Wall Street Warns Dems: No Donations if You Nominate Liz Warren
Wall Street and the DNC have been in bed together like a couple of newlyweds for years now, but the honeymoon might finally end if Senator Elizabeth Warren takes the presidential nomination next year.
CNBC's Brian Schwartz reports that "several high-dollar Democratic donors and fundraisers in the business community" plan to "sit out the presidential campaign fundraising cycle" should Warren sit -- must... resist... urge... to... make... sit Indian-style joke -- at the top of the ticket. A private equity executive who wishes to remain anonymous told the network, "You’re in a box because you’re a Democrat and you’re thinking, ‘I want to help the party, but she’s going to hurt me, so I’m going to help President Trump'."
Warren's proposed "wealth tax," while of dubious constitutionality, threatens to place a 2% tax on the wealth -- not earnings -- of households worth $50 million or more. That's a lot of Wall Street people, it's safe to say.
"Democratic" socialist candidate Bernie Sanders promises an even bigger wealth tax, with a 1% levy on households worth more than $32 million, going all the way up to 8% for fortunes over $10 billion. So far Wall Street doesn't feel as threatened by the prospect of a Bernie candidacy, but with frontrunner Joe Biden sinking in poll after poll, who knows what might happen as the voting starts in Iowa next February.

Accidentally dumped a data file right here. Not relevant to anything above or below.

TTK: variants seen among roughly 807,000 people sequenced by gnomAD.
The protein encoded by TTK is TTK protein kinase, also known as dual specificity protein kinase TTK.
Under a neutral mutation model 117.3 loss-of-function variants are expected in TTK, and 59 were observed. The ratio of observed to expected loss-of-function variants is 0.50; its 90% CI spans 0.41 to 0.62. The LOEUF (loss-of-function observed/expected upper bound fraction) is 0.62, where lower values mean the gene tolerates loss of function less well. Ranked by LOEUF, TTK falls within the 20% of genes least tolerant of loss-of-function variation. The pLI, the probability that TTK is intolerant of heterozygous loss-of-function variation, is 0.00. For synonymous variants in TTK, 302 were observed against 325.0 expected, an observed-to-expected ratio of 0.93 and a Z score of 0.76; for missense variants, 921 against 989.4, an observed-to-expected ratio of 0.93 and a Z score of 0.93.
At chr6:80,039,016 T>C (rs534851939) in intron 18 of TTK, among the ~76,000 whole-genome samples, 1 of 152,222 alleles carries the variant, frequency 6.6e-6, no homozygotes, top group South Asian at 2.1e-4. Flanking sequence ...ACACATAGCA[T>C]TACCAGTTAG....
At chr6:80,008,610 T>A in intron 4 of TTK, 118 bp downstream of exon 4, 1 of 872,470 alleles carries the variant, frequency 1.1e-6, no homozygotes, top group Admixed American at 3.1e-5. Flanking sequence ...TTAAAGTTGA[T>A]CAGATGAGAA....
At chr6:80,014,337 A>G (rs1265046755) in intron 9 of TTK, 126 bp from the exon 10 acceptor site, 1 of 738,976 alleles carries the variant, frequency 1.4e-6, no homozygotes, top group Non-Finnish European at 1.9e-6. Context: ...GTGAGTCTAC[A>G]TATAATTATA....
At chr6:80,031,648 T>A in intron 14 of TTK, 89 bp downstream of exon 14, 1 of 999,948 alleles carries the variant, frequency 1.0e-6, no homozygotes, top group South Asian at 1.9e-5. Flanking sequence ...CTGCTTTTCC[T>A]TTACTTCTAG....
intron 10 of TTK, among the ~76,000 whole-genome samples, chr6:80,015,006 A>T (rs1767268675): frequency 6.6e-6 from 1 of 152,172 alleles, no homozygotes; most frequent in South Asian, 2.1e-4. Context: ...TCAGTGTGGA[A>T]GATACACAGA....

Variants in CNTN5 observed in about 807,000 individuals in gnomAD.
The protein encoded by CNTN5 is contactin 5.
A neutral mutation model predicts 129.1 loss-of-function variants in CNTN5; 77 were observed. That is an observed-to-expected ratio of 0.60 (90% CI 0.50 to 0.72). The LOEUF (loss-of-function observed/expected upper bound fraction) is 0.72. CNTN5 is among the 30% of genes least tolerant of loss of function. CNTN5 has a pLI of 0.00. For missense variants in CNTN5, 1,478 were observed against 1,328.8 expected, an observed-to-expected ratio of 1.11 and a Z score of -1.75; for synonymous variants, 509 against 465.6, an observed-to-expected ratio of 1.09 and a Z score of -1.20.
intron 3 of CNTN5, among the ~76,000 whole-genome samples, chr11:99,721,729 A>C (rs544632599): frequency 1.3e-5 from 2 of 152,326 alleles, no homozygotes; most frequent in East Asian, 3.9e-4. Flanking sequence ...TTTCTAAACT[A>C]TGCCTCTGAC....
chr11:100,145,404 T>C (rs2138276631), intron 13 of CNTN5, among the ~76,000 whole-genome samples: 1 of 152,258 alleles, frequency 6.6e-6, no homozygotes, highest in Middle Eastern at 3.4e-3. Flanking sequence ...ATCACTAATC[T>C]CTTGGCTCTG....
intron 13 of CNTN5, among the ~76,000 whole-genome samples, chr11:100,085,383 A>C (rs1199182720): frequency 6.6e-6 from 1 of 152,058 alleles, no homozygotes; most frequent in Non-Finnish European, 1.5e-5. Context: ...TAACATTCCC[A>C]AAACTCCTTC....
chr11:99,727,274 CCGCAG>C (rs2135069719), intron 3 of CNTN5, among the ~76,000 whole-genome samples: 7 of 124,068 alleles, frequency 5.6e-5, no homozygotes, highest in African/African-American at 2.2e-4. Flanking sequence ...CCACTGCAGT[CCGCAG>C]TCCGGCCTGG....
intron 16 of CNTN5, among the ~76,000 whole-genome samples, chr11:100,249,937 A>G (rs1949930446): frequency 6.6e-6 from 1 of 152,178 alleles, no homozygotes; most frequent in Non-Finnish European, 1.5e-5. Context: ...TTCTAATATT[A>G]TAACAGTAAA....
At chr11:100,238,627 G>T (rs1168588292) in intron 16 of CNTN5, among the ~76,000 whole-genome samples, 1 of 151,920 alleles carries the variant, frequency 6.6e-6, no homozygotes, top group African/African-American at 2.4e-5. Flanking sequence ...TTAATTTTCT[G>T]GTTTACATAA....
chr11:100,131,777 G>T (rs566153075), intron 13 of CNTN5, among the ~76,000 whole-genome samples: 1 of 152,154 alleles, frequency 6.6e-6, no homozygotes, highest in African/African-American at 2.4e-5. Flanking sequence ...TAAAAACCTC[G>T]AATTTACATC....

Now that he's the incumbent, President Trump has had zero fundraising worries, and raked in another five million dollars in the last few days as the Democrats geared up their impeachment inquiry.
The bind for Democrats is: Nominate the next strongest candidate to Flailin' Joe, or risk defections in the wealthiest segment of their donor and fundraising base. It would also be more difficult than ever to paint Trump as reckless/evil/stupid/insert-the-daily-pejorative-here, if after four years in office he were to suddenly gain the support of some big-name, big-money Dems.
But going down the line of possible nominees after Warren, Sanders would be even worse -- for Wall Street and Main Street. And by the time they get past Sanders, Dems are looking at seriously tertiary candidates.
That's a sticky situation for any party to be in just one season away from the campaign kickoff, and I couldn't be happier to watch it.